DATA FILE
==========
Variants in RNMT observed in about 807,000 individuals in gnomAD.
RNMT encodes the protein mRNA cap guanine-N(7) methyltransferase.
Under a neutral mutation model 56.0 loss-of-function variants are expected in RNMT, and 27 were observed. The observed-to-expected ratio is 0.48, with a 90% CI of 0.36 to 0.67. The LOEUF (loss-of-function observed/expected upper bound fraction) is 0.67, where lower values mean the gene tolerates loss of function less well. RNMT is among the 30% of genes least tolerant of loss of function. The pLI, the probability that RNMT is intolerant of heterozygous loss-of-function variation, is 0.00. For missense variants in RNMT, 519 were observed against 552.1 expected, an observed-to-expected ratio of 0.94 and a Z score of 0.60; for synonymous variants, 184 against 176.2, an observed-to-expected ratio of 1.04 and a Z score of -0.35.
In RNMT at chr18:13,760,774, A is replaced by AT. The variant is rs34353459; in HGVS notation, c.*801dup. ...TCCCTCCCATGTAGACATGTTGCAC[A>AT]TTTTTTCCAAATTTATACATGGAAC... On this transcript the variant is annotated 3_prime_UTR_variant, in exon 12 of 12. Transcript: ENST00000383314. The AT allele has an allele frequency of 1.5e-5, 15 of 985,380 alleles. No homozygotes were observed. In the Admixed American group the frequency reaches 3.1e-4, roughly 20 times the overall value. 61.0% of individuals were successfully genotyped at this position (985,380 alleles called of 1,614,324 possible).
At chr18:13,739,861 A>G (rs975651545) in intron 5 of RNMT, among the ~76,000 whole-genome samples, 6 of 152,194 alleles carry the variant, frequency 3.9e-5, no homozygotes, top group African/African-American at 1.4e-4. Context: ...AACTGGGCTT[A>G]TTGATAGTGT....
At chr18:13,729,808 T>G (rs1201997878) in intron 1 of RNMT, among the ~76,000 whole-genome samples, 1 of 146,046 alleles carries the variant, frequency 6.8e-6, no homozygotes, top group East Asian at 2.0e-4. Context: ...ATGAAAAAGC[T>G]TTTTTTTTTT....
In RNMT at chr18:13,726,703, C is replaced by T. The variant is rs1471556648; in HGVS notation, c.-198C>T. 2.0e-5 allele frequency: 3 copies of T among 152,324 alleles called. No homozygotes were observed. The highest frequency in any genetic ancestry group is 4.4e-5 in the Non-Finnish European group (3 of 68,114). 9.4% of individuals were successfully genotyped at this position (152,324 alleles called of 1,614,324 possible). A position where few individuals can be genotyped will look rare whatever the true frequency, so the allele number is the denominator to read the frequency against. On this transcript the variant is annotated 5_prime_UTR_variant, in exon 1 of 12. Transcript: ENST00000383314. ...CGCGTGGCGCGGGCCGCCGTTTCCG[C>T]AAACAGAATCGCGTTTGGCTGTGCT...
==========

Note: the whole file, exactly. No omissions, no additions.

Variants in RNMT observed in about 807,000 individuals in gnomAD.
RNMT encodes the protein mRNA cap guanine-N(7) methyltransferase.
Under a neutral mutation model 56.0 loss-of-function variants are expected in RNMT, and 27 were observed. The observed-to-expected ratio is 0.48, with a 90% CI of 0.36 to 0.67. The LOEUF (loss-of-function observed/expected upper bound fraction) is 0.67, where lower values mean the gene tolerates loss of function less well. RNMT is among the 30% of genes least tolerant of loss of function. The pLI, the probability that RNMT is intolerant of heterozygous loss-of-function variation, is 0.00. For missense variants in RNMT, 519 were observed against 552.1 expected, an observed-to-expected ratio of 0.94 and a Z score of 0.60; for synonymous variants, 184 against 176.2, an observed-to-expected ratio of 1.04 and a Z score of -0.35.
In RNMT at chr18:13,760,774, A is replaced by AT. The variant is rs34353459; in HGVS notation, c.*801dup. ...TCCCTCCCATGTAGACATGTTGCAC[A>AT]TTTTTTCCAAATTTATACATGGAAC... On this transcript the variant is annotated 3_prime_UTR_variant, in exon 12 of 12. Transcript: ENST00000383314. The AT allele has an allele frequency of 1.5e-5, 15 of 985,380 alleles. No homozygotes were observed. In the Admixed American group the frequency reaches 3.1e-4, roughly 20 times the overall value. 61.0% of individuals were successfully genotyped at this position (985,380 alleles called of 1,614,324 possible).
At chr18:13,739,861 A>G (rs975651545) in intron 5 of RNMT, among the ~76,000 whole-genome samples, 6 of 152,194 alleles carry the variant, frequency 3.9e-5, no homozygotes, top group African/African-American at 1.4e-4. Context: ...AACTGGGCTT[A>G]TTGATAGTGT....
At chr18:13,729,808 T>G (rs1201997878) in intron 1 of RNMT, among the ~76,000 whole-genome samples, 1 of 146,046 alleles carries the variant, frequency 6.8e-6, no homozygotes, top group East Asian at 2.0e-4. Context: ...ATGAAAAAGC[T>G]TTTTTTTTTT....
In RNMT at chr18:13,726,703, C is replaced by T. The variant is rs1471556648; in HGVS notation, c.-198C>T. 2.0e-5 allele frequency: 3 copies of T among 152,324 alleles called. No homozygotes were observed. The highest frequency in any genetic ancestry group is 4.4e-5 in the Non-Finnish European group (3 of 68,114). 9.4% of individuals were successfully genotyped at this position (152,324 alleles called of 1,614,324 possible). A position where few individuals can be genotyped will look rare whatever the true frequency, so the allele number is the denominator to read the frequency against. On this transcript the variant is annotated 5_prime_UTR_variant, in exon 1 of 12. Transcript: ENST00000383314. ...CGCGTGGCGCGGGCCGCCGTTTCCG[C>T]AAACAGAATCGCGTTTGGCTGTGCT...